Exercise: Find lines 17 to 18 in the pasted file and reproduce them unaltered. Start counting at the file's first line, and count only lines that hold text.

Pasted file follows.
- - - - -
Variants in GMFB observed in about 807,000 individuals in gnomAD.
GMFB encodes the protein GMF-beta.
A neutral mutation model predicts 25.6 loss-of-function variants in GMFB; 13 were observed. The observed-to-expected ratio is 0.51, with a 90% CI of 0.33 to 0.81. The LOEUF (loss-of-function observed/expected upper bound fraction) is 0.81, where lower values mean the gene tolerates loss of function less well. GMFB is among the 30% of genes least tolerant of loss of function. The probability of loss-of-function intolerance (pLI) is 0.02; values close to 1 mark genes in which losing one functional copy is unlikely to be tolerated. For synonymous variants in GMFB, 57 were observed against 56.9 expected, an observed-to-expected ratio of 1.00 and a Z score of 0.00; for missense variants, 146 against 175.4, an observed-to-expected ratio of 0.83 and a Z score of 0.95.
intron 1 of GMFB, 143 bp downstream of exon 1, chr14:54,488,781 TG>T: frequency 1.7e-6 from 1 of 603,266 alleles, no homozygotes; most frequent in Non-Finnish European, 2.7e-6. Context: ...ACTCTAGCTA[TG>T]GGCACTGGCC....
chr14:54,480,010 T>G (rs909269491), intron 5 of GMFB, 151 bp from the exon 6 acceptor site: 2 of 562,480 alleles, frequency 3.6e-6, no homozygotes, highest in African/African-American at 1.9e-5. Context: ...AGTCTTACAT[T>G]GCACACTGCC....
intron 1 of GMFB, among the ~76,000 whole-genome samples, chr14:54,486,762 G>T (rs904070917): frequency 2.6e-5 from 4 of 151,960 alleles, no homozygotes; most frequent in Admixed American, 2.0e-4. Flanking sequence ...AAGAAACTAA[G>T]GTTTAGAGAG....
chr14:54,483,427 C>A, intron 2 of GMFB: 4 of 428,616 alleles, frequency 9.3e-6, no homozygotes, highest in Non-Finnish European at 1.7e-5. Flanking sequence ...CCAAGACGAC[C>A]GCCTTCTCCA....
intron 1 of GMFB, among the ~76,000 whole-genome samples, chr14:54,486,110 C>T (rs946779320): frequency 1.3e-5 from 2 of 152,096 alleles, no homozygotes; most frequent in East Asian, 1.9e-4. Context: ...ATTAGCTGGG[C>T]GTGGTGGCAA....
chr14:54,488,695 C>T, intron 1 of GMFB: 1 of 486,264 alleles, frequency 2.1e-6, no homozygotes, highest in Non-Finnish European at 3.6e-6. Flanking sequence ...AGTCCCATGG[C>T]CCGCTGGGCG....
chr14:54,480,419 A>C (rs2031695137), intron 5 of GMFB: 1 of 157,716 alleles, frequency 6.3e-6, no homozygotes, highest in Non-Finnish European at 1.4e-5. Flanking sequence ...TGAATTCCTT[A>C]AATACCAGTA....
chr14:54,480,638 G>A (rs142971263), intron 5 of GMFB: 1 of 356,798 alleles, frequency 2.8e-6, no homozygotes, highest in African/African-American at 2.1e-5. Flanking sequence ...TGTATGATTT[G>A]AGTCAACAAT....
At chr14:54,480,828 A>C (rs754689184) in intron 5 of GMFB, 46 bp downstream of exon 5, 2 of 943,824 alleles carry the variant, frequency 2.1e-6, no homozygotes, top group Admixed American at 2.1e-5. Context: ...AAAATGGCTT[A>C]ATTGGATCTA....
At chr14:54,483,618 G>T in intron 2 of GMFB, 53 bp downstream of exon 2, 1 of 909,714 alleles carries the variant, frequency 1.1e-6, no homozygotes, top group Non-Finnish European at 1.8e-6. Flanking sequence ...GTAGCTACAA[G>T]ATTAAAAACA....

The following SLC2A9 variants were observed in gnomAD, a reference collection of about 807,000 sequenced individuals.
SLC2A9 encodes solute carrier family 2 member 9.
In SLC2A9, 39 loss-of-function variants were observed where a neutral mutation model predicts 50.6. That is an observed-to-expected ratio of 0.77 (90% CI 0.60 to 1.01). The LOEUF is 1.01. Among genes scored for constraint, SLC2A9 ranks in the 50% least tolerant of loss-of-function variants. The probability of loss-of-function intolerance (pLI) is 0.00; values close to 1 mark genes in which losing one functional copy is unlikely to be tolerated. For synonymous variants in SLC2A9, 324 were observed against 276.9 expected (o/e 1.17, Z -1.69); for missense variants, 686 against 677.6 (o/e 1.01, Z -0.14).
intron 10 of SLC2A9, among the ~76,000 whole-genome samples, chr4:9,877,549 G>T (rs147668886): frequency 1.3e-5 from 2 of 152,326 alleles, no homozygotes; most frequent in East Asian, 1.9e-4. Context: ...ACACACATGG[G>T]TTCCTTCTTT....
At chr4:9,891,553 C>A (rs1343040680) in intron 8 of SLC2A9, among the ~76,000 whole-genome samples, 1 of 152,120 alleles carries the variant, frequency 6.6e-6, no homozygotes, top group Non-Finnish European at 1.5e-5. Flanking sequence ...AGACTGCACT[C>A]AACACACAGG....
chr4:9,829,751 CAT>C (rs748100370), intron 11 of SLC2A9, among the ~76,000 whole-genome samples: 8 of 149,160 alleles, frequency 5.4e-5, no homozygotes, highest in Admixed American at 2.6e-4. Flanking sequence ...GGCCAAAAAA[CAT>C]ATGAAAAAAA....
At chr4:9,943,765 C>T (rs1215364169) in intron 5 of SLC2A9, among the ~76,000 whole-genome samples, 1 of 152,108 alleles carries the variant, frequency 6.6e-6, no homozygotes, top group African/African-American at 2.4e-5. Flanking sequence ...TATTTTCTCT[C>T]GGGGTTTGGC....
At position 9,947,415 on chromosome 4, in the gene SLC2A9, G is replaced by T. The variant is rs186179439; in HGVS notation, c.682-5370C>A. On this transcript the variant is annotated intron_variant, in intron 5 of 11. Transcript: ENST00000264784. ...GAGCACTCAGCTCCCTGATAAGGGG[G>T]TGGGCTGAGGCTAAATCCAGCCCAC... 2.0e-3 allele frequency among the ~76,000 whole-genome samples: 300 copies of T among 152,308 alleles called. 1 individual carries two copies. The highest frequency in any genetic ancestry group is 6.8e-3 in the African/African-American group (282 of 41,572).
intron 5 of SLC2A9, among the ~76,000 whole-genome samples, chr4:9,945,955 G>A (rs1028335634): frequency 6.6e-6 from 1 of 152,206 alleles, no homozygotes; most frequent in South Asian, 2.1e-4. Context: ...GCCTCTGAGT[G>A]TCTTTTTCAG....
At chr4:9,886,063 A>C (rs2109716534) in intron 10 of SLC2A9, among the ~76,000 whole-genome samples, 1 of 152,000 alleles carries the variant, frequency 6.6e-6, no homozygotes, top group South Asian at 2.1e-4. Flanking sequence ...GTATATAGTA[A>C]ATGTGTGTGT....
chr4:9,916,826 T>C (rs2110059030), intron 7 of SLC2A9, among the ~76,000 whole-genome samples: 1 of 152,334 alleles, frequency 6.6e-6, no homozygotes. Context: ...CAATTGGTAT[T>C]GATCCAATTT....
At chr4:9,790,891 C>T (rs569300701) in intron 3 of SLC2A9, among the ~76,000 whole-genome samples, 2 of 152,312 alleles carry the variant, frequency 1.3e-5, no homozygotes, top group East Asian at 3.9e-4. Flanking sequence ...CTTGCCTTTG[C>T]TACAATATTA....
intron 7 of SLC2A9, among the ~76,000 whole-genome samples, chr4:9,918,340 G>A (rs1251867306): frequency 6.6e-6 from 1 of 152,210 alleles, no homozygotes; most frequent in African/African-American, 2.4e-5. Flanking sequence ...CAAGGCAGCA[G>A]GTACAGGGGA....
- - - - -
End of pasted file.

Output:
intron 10 of SLC2A9, among the ~76,000 whole-genome samples, chr4:9,877,549 G>T (rs147668886): frequency 1.3e-5 from 2 of 152,326 alleles, no homozygotes; most frequent in East Asian, 1.9e-4. Context: ...ACACACATGG[G>T]TTCCTTCTTT....
At chr4:9,891,553 C>A (rs1343040680) in intron 8 of SLC2A9, among the ~76,000 whole-genome samples, 1 of 152,120 alleles carries the variant, frequency 6.6e-6, no homozygotes, top group Non-Finnish European at 1.5e-5. Flanking sequence ...AGACTGCACT[C>A]AACACACAGG....